fallout3hsd.jpg['Hit Self-Destruct' is a regular new GameSetWatch column by blogger and writer Duncan Fyfe, focusing on alternative approaches to game criticism. In this inaugural edition, he dips into the English Lit paint-pot for some musings on Fallout 3.]

The protagonist of Bethesda's Fallout 3 is a cipher, a window through which to view the gameworld, so if he had a LiveJournal he would not be writing about his feelings. He'd write about the post-nuclear Wasteland, about the slaves who rallied around the Lincoln Memorial, the android who wanted to live like a human, free elections in a one-man republic, the day the ghouls crashed the gated community.

He'd write about the young girl who fell in love with a priest, the father who took shelter with his injured son in a storm drain, the downfall of Vault 106 and the rangers trapped on the hotel roof. Fallout 3 is like any other RPG insofar as the player collects experience points, gear and currency, but it's essential to the experience that they collect stories, too.

Fallout 3 is easily cross-referenced and classifiable in the modern video gaming canon. The game grew up in an Elder Scrolls household where it aspired to be Fallout, it has all the trappings of a Western RPG and the unbroken camera of Half-Life, and gameplay buzzwords cling to it: non-linear, open world, emergent. Its least likely structural resemblance, though, as per the above paragraph, is to a book of short stories. Essentially, it's Dubliners with guns.

Holding forth on Irish municipal politics in a drunken stagger, this thought probably never even crossed James Joyce's mind. There was nothing to suggest the eventual similarity in the video games of Joyce's day (older games, they would have been in black and white). Dubliners and Fallout 3 compile isolated tales about unrelated people to establish the character of a city in decline: Dublin and a fictional future Washington, respectively.

They abstain from a central unifying plot (more on Fallout's exception later): Dubliners relies on its 13 vignettes, Fallout 3 on an array of sidequests, text and environmental tableaus for players who skip all the dialogue.

Joyce presents 13 drunks, writers, schoolboys and stage mothers whose collective epiphanies on themes of religion, nationalism and masculinity inform the artist's portrait of a city. The book is less a chronicle of individuals but of the social, religious and economic constitution of early 20th century Dublin. Fallout 3, obviously, is not nearly the literary equivalent of Dubliners: they are analogues in form, not in depth.

This is, in part, because Fallout 3 is collaboratively written and designed, and so lacks a prominent auteur as its figurehead. While critics can analyze Dubliners in the context of Joyce's personal history, Fallout 3 players don't know as much about the troubled Roman Catholic upbringing of Todd Howard or the trenchant alcoholism of Emil Pagliarulo, and so instead of subtle and deeply-encoded meaning we see plainness.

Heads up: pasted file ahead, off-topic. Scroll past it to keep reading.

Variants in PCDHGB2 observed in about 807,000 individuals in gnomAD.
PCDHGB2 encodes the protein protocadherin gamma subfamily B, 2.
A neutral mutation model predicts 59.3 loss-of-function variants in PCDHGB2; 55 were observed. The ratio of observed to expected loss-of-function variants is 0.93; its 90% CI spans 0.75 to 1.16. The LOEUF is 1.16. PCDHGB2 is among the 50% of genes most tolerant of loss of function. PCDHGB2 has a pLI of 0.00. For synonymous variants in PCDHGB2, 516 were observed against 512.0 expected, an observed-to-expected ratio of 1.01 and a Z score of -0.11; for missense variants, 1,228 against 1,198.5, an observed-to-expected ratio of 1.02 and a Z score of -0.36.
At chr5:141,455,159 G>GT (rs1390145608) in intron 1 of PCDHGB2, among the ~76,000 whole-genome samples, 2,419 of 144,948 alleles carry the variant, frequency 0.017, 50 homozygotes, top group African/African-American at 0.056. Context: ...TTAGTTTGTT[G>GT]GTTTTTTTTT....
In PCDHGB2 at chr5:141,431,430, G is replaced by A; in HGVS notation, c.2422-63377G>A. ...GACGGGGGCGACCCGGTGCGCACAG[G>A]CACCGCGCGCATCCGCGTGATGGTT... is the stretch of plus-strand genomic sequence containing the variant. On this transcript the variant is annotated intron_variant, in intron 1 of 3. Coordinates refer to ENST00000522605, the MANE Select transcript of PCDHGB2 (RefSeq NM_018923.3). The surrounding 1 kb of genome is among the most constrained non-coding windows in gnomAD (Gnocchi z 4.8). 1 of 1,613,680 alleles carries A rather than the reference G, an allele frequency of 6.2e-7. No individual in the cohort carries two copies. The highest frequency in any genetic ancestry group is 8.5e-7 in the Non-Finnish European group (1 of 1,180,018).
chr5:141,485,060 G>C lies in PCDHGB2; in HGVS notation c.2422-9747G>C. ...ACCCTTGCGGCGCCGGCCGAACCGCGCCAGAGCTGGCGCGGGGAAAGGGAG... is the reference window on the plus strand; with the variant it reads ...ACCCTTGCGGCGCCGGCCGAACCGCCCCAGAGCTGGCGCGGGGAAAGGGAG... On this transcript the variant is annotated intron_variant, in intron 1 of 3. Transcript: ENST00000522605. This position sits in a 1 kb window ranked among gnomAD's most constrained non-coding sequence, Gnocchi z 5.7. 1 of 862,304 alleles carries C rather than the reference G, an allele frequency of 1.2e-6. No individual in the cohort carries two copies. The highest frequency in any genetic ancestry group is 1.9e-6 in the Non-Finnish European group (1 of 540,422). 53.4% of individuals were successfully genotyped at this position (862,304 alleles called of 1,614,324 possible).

To be fair, some of it is plain: the Fallout 3 dramatis personae is not blessed with Joyce's lavish attention to detail: the Wasteland mercenaries, victims and general losers are thinly drawn, comparatively. However, they are sketched out enough to communicate their circumstances and contribute to the persistent mood which hangs over the world. Through this series of character interactions, players discover exactly what kind of place Washington is.

You, the player, encounter people trying to survive in peculiar ways, whether emulating pre-war domesticity or pretending to be vampires. You'll casually be asked to murder, as your prospective employer has no fear of recrimination and neither of you have any expectation that you'll be held accountable for your crime. Everyone assumes that they can put monetary value on your morality, because that's how it's worked there as long as they all can remember.

There's an alarmingly high proportion of slaves, addicts, thieves, nomads and beggars. This is the new society. All instituions and laws were erased after the bombs fell. Life is lethargic and brutal, the Wasteland is a nightmare with a dubious chance at survival, and it's no surprise the only bastions of normalcy have to aggressively barricade themselves from the outside world with walls of steel.

The archetypically evil slavers of Paradise Falls, the willfully ignorant ruler of the Republic of Dave and the Megaton bartender who hordes blackmail material on the town's secretly ugly residents have nothing to do with one another except that they all exist in the same game, and so they inform the player's perception of the setting.